In the vicinity of Kherson, again, an uptick in kinetic activity over the past few days, including artillery and rockets, and as I mentioned to you before, I don't have particulars on whether or not an offensive has begun down in Kherson, but we have seen an uptick of fighting in that portion of the battlespace

In the Black Sea, about a half dozen ships remain underway, a good portion of them (inaudible) capable, and then continued air -- in the air, we see that the air remains contested in Ukraine. So Russian forces continue to use airstrikes primarily in the south and the east.

As Dr. Kahl briefed last week, the Ukrainians have been very successful in employing their assets as well. And then we continue to train Ukrainians out of the country.

And so I'll hold there and look forward to answering your questions with – [omitted].

STAFF: Thanks very much, sir.

All right, let's go to Lita Baldor, Associated Press.

Q: Hi. Thanks for this.

I'm wondering if -- [omitted], I know you can't give us any apparent details on this counteroffensive. You said there's been an uptick in fighting. Can you give us a sense how big of an uptick and is this fighting from both sides? Give us any sense of that you can.

And then one quick question for [omitted]. You talked about Russia using prisoners -- I -- I -- recruiting prisoners sounds like an oxymoron. That would -- it -- it would sound to me like they -- are they just drafting prisoners and sending them to the front or can you explain that a little?

Thank you.

SENIOR MILITARY OFFICIAL: Okay, Lita, thank you.

So over the weekend, we saw a larger number of artillery fires primarily coming from the Ukrainians. And so, you know, I say "larger" I wouldn't -- I wouldn't exaggerate that but it's an increased amount of artillery that we've seen coming from the Ukrainians.

And then they have -- as you all know, for the past couple of weeks, they have been making some small advances in and around the Kherson pocket for a while. So I don't want to mislead you here and tell you that I don't think the offensive is underway. I -- I would just -- I'd refer you to the Ukrainians right now because we have seen some offensive action in that area for the past couple weeks.

And I'll pass it over to [omitted].

SENIOR DEFENSE OFFICIAL: Thanks.

I -- I agree with you that the term "recruiting" sounds like a bit of a -- a misnomer. That is the term that I've seen used, in terms of the Russian -- Russians “recruiting” prisoners to try to fill out these increasingly thin ranks.

I don't have insight into kind of the person-to-person level discussions that -- that occur when these individuals are brought out of prison and onto the battlefield. So no specifics on that.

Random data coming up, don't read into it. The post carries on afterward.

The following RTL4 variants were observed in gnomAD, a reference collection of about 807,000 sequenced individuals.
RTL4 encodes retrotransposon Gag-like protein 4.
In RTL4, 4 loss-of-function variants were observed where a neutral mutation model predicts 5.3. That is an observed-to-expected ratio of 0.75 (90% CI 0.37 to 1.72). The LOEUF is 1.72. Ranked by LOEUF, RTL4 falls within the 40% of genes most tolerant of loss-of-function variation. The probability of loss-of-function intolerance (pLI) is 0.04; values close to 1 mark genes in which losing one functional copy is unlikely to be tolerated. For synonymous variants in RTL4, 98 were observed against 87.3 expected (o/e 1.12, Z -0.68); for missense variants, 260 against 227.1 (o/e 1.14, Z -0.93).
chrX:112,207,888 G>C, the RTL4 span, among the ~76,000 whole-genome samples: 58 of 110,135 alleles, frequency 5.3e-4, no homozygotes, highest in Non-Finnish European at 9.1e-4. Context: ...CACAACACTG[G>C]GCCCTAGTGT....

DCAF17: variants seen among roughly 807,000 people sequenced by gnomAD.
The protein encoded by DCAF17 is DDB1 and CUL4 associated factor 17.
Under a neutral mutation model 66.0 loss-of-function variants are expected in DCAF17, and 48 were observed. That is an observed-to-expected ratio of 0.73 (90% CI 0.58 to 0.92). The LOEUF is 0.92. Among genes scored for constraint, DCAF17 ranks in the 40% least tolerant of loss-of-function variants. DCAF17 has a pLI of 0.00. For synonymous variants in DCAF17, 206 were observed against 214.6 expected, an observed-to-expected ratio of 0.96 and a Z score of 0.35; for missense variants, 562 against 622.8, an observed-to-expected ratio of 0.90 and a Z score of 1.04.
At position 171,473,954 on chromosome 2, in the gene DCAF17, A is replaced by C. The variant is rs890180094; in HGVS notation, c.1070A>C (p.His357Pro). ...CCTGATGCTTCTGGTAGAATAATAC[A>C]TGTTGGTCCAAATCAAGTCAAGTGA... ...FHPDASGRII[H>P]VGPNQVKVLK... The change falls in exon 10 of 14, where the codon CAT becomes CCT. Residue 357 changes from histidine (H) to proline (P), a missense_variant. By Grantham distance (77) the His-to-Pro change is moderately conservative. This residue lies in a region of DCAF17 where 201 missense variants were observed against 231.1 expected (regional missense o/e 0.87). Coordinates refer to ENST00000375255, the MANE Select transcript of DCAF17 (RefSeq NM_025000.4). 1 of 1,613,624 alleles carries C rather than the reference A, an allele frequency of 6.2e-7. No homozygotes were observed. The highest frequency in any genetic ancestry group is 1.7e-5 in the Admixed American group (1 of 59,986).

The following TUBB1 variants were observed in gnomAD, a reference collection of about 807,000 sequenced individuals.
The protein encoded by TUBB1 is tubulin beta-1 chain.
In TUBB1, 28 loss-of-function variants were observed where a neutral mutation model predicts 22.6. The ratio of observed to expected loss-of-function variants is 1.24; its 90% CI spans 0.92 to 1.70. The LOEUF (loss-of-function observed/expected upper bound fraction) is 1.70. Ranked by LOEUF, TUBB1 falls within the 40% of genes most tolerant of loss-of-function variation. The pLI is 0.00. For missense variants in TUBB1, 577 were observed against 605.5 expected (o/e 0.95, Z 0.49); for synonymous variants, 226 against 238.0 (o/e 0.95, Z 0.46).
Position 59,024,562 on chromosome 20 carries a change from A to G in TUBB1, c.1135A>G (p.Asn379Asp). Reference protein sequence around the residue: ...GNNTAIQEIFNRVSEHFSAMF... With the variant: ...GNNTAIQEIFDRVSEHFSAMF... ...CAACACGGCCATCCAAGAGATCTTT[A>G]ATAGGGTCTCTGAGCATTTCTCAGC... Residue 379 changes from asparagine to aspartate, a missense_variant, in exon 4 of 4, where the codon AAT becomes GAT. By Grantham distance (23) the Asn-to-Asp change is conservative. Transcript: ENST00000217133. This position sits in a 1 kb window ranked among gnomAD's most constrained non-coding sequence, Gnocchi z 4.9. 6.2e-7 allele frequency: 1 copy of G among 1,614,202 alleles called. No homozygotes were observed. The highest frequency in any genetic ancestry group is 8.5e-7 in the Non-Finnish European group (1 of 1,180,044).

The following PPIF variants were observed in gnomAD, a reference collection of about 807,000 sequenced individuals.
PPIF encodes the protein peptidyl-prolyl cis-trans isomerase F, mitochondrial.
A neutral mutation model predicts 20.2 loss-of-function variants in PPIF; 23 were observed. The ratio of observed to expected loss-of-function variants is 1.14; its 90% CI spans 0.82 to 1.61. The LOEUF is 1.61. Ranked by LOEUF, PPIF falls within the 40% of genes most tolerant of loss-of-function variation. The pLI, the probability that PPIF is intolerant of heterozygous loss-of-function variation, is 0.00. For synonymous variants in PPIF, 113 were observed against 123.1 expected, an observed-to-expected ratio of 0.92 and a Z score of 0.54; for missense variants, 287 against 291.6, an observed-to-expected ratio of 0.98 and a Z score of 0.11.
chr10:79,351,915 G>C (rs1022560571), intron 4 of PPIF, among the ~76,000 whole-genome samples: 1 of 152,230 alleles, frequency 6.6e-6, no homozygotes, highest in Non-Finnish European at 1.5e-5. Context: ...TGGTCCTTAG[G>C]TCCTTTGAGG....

STAFF: Thank you.

Let's go to Tom Bowman, NPR.

Q: Yeah, for the senior military official, so you say you really can't give us any particulars on this offensive. You see an uptick in fighting. You say go to the Ukrainians. The Ukrainians are saying this is a significant counteroffensive. So clearly, you're not willing to go that far, correct?

SENIOR MILITARY OFFICIAL: Tom, I’m just saying, I think the Ukrainians have a better way of telling you what they're doing than we do. I mean, even in the best case, you know, I'm getting my reporting from the Ukrainians. So --

Q: Well, are they telling you that it's a significant counteroffensive? Because that's kind of what they're saying publicly. Are you getting the same thing? And if -- if that's the case, why can't you tell us it's a -- a counteroffensive?

SENIOR MILITARY OFFICIAL: Well, I just don't -- I mean, listen, are they on the offensive? I think they are. Is this a counteroffensive? I don't know. And the reason I tell you that is because, as I said, over the past couple of weeks, we've seen them making some offensive moves in and around the Kherson pocket.

So listen, I'm -- you know, like you, I would love to have perfect information here. I think we'll get some more information over the course of the next 24 to 36 hours.

Q: Yeah, but again, it's frustrating for us because they're saying it's a big counteroffensive and what we hear -- see -- hear from you guys is, like, an uptick in fighting. Those two don't match, you see?

SENIOR MILITARY OFFICIAL: No, I'm with you, Tom.

Q: Yeah.

(CROSSTALK)

Q: -- and -- and one last thing -- Mykolaiv, what are you seeing around there?

SENIOR MILITARY OFFICIAL: Nothing that would cause me to talk about it, I guess, Tom. I'm not tracking anything in excess going on in Mykolaiv.

Q: Yeah, yeah. Okay, thanks.

SENIOR MILITARY OFFICIAL: Yeah.

STAFF: All right, let's go to Jack Detsch, FP.

Q: Thanks for doing this.

[Omitted], I had -- I had a quick one. Does -- does the U.S. or do you have any sense of the force ratios in -- in Kherson? Does -- does Ukraine have better numbers than they had in the Donbas, vis-a-vis the Russians? And also, just wondering if you've seen any impact on the Russian forces in terms of attrition from -- from the attacks that the Ukrainians seem to have affected on Russian supply lines?

SENIOR MILITARY OFFICIAL: I think those are great questions. I think, first of all, we have seen the ratios between the Ukrainians and the Russians are in much better number, in -- in terms of equality or parity in the south, than they were initially up along the -- the eastern portion of the battlespace.